My first Year Keeping Bees

December 16th, 2009 by David LaFerney Leave a reply »

Traditional clay covered straw skep hives in the Basque region

Those cone shaped bee hives are called skeps, and I’m pretty sure that the two simple wooden boxes are bee hives too. In most (if not all) of the United States the law requires that bees be kept in “modern” hives which can be opened and inspected. This marvelous picture is one of many extraordinary images that you can see at The Bee Photographer –  BTW – that is not me in the picture.

I’ve really enjoyed my first summer keeping bees – Working with, observing, and learning about the bees has been very interesting and enjoyable.  Before I started I read a lot about the subject, but inevitably experience teaches things that I didn’t pick up on during months of study.

You have to feed bees –  And it is more expensive than you would think – ideally bees feed their selves, but if you are trying to increase the population of your apiary you will probably have to feed sometimes – BTW most hobby bee keepers feed their bees syrup made out of plain old granulated sugar.  I haven’t kept up with it, but I wouldn’t be surprised if I’ve bought $50 (or more) worth of sugar to feed my 1 1/2 hives of bees this year.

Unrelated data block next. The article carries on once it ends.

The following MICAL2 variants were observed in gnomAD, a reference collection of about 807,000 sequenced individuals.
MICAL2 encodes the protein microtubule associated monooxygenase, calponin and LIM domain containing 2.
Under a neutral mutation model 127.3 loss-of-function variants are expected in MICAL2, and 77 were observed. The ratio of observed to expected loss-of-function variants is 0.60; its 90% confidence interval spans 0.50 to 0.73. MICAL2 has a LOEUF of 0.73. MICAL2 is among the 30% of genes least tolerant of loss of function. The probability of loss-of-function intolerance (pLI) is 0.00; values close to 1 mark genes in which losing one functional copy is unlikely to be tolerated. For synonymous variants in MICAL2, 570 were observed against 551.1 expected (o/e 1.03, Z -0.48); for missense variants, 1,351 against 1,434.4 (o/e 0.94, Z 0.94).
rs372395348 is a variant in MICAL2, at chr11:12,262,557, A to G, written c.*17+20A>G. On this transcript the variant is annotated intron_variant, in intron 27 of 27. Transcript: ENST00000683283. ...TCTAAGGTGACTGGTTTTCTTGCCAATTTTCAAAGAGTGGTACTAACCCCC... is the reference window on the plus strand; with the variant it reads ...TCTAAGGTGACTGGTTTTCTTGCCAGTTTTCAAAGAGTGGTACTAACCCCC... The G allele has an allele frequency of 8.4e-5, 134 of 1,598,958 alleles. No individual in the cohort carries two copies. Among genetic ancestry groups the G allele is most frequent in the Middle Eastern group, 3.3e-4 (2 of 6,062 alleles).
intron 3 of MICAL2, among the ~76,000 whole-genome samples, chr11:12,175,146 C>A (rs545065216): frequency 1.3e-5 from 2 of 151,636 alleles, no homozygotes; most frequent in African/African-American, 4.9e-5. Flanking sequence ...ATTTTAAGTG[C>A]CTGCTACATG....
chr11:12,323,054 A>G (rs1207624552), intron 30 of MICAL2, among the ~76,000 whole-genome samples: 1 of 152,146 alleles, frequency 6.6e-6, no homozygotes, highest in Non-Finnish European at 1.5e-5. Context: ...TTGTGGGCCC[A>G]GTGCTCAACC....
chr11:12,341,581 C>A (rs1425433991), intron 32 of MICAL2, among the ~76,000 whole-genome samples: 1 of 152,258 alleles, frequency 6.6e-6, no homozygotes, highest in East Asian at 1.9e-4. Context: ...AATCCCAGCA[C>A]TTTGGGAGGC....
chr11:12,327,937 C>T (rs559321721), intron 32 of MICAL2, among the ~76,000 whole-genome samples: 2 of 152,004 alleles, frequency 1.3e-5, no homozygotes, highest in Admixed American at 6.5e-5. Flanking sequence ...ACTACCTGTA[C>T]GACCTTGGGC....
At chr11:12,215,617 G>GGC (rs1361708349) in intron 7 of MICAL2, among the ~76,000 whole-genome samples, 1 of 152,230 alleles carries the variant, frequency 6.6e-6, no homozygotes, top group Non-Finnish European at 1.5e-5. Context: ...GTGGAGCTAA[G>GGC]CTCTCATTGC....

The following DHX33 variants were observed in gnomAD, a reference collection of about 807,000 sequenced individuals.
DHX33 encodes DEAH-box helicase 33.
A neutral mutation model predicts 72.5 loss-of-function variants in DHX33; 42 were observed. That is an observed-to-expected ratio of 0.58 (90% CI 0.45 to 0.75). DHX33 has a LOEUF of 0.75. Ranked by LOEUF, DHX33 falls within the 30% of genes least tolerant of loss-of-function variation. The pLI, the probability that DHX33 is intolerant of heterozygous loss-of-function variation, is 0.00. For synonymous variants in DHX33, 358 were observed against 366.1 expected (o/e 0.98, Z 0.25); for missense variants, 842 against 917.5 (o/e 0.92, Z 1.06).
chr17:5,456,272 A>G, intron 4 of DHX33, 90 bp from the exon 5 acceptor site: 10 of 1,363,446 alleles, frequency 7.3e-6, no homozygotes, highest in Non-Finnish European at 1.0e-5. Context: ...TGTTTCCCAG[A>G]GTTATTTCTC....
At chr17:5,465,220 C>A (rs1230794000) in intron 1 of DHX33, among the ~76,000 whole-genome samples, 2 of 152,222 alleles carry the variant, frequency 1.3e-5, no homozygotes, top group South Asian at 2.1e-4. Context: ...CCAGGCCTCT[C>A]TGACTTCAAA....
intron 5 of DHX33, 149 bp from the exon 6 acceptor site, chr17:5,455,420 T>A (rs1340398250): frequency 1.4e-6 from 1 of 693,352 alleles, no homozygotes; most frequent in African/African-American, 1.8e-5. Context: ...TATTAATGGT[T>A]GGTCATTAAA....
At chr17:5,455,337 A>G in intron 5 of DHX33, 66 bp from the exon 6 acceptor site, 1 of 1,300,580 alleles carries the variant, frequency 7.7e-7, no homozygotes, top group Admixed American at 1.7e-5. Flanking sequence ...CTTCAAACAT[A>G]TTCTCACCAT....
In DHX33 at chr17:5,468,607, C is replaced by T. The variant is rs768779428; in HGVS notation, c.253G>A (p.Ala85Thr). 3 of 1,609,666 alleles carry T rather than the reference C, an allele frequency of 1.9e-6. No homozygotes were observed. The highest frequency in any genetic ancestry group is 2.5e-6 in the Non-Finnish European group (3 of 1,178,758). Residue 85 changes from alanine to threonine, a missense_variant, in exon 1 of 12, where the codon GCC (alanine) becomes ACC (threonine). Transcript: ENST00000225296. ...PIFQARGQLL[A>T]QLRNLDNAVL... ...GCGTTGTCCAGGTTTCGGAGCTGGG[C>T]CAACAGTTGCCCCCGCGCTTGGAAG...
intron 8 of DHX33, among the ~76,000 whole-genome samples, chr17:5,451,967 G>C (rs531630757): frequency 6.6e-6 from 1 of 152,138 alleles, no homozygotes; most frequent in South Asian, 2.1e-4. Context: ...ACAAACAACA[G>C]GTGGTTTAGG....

When I feed my bees syrup I use a quart jar with a few small holes in the lid.

When I feed my bees syrup I use a quart jar with a few small holes in the lid.

Bees make honey of course, but they also eat honey. So if you harvest too much, or if it just isn’t a good year for honey production you might have to feed your bees – even after they are well established.  But when you are first starting out and concentrating on growing more bees rather than producing honey it’s almost a sure thing that you will have to feed.  Bee keepers have a saying – You can grow bees or you can grow honey, but not both.  Don’t plan on producing a lot of honey for a year or two.

My mail order “package” of bees.